FOOTBALL: A breakthrough triumph for host nation Australia capped off the most watched AFC Asian Cup ever, marking the 2015 tournament as a milestone event in Australian and Asian sporting history.
The Socceroos' 2-1 victory over Korea Republic before a 76,000-plus full house at Sydney's Stadium Australia set the seal on a tournament that smashed viewing records and set new benchmarks for colour, passion, inclusiveness and exemplary crowd behaviour.
The victory by Mile Jedinak's team delivered Australian football's greatest prize, writing a fairytale ending to the biggest football event ever staged Down Under – 32 matches in 23 days between Asia's best 16 teams.
The glittering final was the eighth sell-out of the tournament, pushing the aggregate attendance to a staggering 650,000, or more than 20,000 per match.
This smashed the ambitious 500,000 target and far surpassed the 421,000 who watched in Qatar in 2011.
The event's widespread appeal was reflected in sell-out crowds in all five host cities – Sydney, Melbourne, Brisbane, Canberra and Newcastle – and the fact that non-Socceroos games drew more than 380,000 fans.
Three of the sell-outs involved teams other than the host nation – China v DPR Korea in Canberra, Japan v Jordan in Melbourne and Korea Republic v Uzbekistan, also in Melbourne.
The 2015 AFC Asian Cup reached a worldwide TV audience in excess of one billion, with figures still to come in for the final.
In China, Asia's biggest market, the cumulative average viewership (the number watching at any given time) was 182 million by the end of the semi-final stage, and the cumulative reach (the number watching any part of the games) totalled 950 million.
In Japan, average viewership peaked at 21 million during Japan's quarter-final defeat to the United Arab Emirates.
In Korea, the Taegeuk Warriors' semi-final victory over Iraq achieved a reach of 18.2 million, representing 37 per cent of the country's population.
Television viewership in Australia averaged almost one million for the Socceroos' semi-final win over UAE, with a reach of 2.5 million.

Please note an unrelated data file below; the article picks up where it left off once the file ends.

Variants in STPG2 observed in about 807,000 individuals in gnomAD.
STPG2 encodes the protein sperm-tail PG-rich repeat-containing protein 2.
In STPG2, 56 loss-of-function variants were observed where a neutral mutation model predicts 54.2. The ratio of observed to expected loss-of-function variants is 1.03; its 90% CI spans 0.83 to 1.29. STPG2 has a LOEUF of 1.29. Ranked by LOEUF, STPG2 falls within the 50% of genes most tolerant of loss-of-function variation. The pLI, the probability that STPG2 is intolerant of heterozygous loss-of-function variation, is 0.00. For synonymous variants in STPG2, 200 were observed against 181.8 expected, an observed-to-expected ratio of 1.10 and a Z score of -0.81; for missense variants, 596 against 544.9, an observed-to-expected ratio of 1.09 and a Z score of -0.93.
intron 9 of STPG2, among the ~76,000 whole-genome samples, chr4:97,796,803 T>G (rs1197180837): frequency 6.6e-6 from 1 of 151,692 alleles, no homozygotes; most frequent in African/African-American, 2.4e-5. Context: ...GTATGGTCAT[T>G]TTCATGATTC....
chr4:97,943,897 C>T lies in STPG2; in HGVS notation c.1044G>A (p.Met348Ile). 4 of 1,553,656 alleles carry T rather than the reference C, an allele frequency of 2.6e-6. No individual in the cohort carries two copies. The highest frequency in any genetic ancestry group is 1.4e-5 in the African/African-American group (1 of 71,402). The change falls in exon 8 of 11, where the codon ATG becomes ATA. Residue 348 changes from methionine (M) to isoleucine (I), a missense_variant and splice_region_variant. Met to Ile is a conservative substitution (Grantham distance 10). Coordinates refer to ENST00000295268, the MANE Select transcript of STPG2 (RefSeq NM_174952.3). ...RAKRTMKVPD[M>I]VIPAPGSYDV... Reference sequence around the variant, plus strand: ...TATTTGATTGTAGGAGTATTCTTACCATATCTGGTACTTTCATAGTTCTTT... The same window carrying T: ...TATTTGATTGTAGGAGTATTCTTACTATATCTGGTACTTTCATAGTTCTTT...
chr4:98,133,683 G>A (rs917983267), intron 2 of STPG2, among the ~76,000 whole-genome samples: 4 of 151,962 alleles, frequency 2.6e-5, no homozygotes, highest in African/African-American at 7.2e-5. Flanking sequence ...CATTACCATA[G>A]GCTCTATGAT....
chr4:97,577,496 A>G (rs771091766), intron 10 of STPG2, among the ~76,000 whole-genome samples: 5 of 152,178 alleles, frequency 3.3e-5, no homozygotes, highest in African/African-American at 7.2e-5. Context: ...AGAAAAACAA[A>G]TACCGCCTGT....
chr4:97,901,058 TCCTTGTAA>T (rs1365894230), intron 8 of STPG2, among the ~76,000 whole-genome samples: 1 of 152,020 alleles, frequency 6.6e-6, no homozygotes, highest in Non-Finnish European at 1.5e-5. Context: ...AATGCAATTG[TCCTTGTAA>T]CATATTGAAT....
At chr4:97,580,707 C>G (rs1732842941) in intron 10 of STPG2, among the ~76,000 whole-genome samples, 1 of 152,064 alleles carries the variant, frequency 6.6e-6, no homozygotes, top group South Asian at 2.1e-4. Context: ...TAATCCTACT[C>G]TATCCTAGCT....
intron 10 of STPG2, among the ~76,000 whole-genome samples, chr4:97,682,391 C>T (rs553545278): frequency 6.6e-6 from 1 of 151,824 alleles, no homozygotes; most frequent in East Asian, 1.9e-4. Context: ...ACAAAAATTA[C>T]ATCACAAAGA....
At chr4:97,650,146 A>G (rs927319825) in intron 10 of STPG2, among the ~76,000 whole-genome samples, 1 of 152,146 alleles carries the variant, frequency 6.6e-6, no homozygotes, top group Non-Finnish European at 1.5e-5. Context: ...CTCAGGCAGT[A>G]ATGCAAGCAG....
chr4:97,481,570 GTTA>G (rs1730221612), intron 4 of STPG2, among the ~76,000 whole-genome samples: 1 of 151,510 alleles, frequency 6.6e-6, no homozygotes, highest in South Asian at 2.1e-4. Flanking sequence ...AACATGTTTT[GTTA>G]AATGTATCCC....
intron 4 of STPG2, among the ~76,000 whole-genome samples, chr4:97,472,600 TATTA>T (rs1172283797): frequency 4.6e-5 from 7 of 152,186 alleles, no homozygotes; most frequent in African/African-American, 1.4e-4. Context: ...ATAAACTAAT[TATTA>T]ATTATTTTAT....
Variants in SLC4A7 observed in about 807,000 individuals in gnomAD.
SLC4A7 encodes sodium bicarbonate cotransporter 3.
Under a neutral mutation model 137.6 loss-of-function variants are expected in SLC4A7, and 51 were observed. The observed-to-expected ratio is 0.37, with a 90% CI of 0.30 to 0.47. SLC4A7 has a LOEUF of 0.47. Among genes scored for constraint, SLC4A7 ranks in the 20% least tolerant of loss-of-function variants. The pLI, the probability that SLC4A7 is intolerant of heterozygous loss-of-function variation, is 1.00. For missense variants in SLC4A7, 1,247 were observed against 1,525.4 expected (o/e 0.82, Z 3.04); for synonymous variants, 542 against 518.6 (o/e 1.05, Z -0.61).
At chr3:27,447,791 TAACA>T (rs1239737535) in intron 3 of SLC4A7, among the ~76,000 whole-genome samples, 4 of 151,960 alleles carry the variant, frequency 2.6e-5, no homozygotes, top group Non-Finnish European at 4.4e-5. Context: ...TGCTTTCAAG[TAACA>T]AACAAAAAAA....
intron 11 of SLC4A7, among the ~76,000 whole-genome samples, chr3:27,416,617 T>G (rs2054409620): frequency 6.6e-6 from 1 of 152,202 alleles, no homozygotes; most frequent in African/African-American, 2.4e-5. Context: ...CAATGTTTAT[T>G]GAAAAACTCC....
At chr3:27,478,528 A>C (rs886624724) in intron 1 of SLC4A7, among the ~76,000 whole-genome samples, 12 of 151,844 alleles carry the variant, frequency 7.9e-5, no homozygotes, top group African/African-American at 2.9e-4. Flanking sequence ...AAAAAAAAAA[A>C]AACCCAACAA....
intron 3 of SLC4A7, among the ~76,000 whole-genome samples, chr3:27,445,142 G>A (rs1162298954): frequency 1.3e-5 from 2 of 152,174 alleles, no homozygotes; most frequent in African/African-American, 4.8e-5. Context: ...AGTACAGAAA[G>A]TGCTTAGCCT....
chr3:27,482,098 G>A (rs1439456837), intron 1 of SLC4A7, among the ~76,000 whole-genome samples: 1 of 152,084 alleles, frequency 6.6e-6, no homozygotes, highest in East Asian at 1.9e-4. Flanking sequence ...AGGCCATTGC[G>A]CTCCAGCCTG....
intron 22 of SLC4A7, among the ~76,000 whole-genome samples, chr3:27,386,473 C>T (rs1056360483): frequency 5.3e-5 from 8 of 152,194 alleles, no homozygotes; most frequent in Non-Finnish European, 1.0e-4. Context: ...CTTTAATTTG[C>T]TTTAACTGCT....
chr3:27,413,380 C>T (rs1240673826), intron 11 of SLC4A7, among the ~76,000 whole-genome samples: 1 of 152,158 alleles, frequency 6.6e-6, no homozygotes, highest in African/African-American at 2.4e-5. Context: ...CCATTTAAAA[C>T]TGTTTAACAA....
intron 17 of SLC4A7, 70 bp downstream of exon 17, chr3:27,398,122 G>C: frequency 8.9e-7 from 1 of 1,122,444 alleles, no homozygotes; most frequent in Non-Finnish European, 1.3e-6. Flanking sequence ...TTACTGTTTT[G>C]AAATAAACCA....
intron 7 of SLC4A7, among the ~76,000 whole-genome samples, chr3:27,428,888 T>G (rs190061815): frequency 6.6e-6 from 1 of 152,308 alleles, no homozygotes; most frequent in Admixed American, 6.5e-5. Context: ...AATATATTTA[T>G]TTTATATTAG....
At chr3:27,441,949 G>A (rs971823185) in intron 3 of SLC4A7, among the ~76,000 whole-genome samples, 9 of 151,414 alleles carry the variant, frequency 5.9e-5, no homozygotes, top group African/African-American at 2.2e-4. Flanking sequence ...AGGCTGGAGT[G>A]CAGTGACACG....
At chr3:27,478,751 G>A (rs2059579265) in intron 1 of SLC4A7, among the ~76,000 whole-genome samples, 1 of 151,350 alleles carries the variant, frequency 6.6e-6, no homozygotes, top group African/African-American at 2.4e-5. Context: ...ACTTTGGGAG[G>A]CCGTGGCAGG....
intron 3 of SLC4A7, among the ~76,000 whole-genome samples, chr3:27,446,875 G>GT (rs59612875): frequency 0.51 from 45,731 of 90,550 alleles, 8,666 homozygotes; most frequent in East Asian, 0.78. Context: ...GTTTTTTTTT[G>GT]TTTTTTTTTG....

On social media, the event's official #AC2015 Twitter hashtag reach was 2.69 billion at the end of the semi-finals.
The first Asian Cup on Australian soil also delivered a legacy of several million dollars worth of improvements to pitches, stadiums and football facilities around Australia, helped grow Football Federation Australia's "football family" and leaves behind an ongoing education program which has already helped more than 50,000 primary school students learn more about Asia.
"This Asian Cup has been a nation-building exercise in every sense of the term," said Local Organising Committee CEO Michael Brown.
"Its benefits will be felt for many years to come.
"It has significantly reinforced the positive perceptions about Australia throughout Asia, attracted tens of thousands of tourists and delivered an estimated $A23 million boost to Australia's GDP.
"Our business matching program, carried out in conjunction with Austrade, is already opening many new doors for Australian companies throughout Asia.
"I am proud of everything we have achieved," said Mr Brown.
"I am proud of the fans, all 650,000 of them, for bringing such excitement, fun and great sportsmanship to this event; I am proud of our LOC staff for staging such a magnificent tournament; I am proud of our star-studded team of ambassadors, and of our fabulous team of 1,300 volunteers for giving such a great Aussie welcome to the whole of Asia.
"The LOC took great efforts to engage Australia's diverse multicultural communities, and I'm glad to say they have embraced the event in turn. A number of teams have commented that the crowd support in Australia made them feel like they were playing at home, which is great feedback for us and a real measure of success.
"All in all, this tournament has exceeded our wildest dreams.
"I hope everyone it has touched can say, like me, it has been one of the experiences of a lifetime, something they will never forget."
Asian Cup Release